Fear Of A Black Hat: Retro Review
In preparation for this months gangsta rap biopic, Straight Outta Compton, we’re celebrating a month-long look at hip hop in film. Last week we had the”mockumentary” stylings of CB4, what better to follow that up with the grittier (RE: lower budget) Fear of A Black Hat.
Fear Of A Black Hat is perhaps best described as “This Is Spinal Rap” a phrase director Rusty Cundieff was fond of using. At times the “homage” to Rob Reiner‘s film, This is Spinal Tap, looks like.. and is… A straight up rip off. The Structure, pacing, and at times scene by scene, nearly identical. Fear Of A Black Hat even mirrored Spinal Tap’s long succession of drummers mysteriously dying, but replaced them with the groups agents.
This is not to say that this film is without merit, in fact it excels because it is a mockumentary of a mockumentary.
Kick that shit
Fear Of A Black Hat Follows postgrad Nina Blackburn (Kasi Lemmons) as she spends a year on the road with N.W.H (Niggaz With Hats) and witnesses their rise and fall as they prepare for the release of their third album. N.W.H, an Obvious nod to N.W.A, features parodies of contemporary rap artists of the 90’s. Ice Cold (Rusty Cundieff) — a mix of Chuck D, Ice Cube and T. Tasty-Taste (Larry B. Scott) Eazy-E and Flavor Flav and chunky DJ Tone Def (Mark Christopher Lawrence) caricaturing P.M Dawn.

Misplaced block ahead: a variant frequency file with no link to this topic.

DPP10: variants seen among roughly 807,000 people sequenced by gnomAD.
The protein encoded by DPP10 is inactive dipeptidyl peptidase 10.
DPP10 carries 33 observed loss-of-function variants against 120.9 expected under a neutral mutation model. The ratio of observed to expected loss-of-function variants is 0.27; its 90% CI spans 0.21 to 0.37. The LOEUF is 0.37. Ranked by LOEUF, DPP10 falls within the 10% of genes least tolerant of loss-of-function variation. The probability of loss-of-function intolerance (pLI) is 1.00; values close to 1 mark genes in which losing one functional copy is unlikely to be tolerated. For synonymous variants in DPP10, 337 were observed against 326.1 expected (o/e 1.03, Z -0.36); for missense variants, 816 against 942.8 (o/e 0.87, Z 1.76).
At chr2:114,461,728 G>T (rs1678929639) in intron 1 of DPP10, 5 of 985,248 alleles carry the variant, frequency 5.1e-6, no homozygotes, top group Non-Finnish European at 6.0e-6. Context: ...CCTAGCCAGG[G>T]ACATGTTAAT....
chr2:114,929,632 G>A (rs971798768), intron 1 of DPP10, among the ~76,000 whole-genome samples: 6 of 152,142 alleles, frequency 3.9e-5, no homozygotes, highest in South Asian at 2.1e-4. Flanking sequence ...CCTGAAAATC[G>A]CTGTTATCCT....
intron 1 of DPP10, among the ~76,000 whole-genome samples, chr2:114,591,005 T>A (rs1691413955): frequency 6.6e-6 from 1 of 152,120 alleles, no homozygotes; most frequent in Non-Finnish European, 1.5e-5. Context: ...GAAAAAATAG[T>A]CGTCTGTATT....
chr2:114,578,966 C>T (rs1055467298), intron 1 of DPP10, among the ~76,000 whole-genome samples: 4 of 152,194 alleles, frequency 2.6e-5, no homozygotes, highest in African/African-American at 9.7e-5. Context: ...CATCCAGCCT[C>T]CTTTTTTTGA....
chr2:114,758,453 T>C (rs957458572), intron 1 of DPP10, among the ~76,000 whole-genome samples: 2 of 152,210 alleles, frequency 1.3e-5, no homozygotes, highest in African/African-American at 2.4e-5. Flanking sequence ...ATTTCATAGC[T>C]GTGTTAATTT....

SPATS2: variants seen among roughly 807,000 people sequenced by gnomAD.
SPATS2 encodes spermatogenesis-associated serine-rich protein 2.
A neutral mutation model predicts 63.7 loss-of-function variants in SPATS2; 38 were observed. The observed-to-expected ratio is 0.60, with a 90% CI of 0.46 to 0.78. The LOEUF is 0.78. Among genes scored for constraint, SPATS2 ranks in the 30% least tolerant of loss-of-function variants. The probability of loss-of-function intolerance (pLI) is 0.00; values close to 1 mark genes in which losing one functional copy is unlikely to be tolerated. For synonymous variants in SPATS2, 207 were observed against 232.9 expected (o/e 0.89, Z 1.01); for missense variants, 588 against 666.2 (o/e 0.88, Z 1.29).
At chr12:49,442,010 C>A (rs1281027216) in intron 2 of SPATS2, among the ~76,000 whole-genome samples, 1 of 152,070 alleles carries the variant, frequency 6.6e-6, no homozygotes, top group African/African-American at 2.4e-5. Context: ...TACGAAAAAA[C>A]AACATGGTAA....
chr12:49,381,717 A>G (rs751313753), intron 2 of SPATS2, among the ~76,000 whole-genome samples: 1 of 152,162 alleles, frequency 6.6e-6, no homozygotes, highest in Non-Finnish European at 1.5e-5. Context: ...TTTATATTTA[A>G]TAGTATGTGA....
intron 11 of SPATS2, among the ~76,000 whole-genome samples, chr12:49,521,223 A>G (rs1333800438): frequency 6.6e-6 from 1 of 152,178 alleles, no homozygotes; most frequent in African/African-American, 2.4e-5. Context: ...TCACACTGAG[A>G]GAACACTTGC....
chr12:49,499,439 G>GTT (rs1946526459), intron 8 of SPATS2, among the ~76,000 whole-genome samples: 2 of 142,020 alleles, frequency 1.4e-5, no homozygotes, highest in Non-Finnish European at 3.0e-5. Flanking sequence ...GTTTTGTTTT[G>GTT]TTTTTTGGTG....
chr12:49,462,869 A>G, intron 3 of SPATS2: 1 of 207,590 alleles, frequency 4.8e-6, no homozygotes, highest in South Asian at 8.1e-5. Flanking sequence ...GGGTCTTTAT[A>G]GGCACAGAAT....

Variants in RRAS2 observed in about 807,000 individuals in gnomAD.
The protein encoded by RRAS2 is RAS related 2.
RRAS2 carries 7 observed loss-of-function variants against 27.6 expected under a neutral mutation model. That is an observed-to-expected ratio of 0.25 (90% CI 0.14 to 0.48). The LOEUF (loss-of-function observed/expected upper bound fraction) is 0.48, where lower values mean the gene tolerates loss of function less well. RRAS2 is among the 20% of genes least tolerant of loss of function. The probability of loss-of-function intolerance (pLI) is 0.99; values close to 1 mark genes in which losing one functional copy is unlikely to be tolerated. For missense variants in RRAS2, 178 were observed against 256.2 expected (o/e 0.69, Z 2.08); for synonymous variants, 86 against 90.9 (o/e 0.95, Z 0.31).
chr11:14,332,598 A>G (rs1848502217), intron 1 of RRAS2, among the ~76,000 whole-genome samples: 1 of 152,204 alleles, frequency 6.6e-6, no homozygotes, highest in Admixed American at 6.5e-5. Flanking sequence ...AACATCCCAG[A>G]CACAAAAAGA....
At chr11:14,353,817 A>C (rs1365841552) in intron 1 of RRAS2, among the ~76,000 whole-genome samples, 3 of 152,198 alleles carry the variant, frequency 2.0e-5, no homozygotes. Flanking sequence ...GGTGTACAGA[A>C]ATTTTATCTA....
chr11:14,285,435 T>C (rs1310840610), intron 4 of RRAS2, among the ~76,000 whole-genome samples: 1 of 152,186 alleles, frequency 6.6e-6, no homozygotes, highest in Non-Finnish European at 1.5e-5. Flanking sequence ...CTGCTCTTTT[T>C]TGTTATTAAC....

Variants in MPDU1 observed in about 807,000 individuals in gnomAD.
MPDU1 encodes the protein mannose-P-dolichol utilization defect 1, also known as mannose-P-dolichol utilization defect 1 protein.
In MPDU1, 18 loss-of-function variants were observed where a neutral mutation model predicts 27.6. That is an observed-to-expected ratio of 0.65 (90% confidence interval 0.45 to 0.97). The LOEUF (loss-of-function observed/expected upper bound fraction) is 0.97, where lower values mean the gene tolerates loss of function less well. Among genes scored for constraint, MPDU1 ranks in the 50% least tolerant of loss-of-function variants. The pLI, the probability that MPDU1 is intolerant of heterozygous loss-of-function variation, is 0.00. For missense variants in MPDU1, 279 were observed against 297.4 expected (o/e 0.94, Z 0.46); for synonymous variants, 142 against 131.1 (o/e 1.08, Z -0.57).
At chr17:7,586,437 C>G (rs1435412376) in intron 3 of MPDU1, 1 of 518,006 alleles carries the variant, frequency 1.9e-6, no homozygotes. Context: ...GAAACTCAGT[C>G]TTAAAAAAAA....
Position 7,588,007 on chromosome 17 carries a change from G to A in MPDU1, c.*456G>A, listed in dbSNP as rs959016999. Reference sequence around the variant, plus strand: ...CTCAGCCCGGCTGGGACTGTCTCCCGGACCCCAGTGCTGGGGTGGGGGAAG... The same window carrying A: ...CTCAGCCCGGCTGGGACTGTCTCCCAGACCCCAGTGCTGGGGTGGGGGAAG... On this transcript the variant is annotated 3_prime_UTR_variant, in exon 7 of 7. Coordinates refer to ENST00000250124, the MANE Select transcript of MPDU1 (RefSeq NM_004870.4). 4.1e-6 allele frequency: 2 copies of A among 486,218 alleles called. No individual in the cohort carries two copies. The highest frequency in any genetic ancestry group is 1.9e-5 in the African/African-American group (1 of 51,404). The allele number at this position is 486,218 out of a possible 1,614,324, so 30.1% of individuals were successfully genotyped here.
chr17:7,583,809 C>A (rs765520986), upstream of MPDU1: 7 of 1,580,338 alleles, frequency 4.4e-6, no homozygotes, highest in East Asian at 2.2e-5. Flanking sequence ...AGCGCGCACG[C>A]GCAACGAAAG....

Life is good for the up and coming group but as success gets to their heads the group begins to drift apart with different ventures, and tension begins to arise. Eventually culminating when Ice Cold is caught in bed with Tasty-Taste’s gold digger causing the group to break up and then eventually stage a comeback.
Throw your Hands up in the air
Fear Of A Black Hat does well when Rusty Cundieff’s character Ice Cold is at the helm lampooning common rap stereotypes:
“Kill Whitey” was a subculture of rap in the early 90’s “popularized” by Brand Nubian, Apache and Ice Cube (Yes, the star of are we there yet is racist as fuck). N.W.H explains their own controversial Kill Whitey Track:
The unfair treatment by law enforcement:
The parodies of rappers/filmmakers of the time was great as well, including:
Jike Spingleton: filmmakers John Singleton and Spike Lee
M.C. Slammer: M.C. Hammer
Parsley, Sage, Rosemary and Thyme: Salt ‘n’ Pepa
Vanilla Sherbet: Vanilla Ice
Yo Highness: Queen Latifah
Ice Tray, Ice Box, Ice Coffee, Ice Berg, etc.: variations of the name “Ice” and how abundant it was in the rap industry.
The Jam Boys: The Ghetto Boys
At times Fear Of A Black Hat runs a gag into the ground. “Fuck the security guards” is a perfect example. Plenty of funny stuff from the “I’m Full of coffee and donuts” to the sketch artist but the pacing of the scene was just painful. The New Mack Village scene was nod inducing as well.
But when dealing with films of this ilk there are jokes that hit and some that just fall flat, Even Spinal Tap stumbled at times.
All in All, Fear Of A Black Hat is a great film that will be enhanced if you own a few Public Enemy or N.W.A records, but will stand on its own.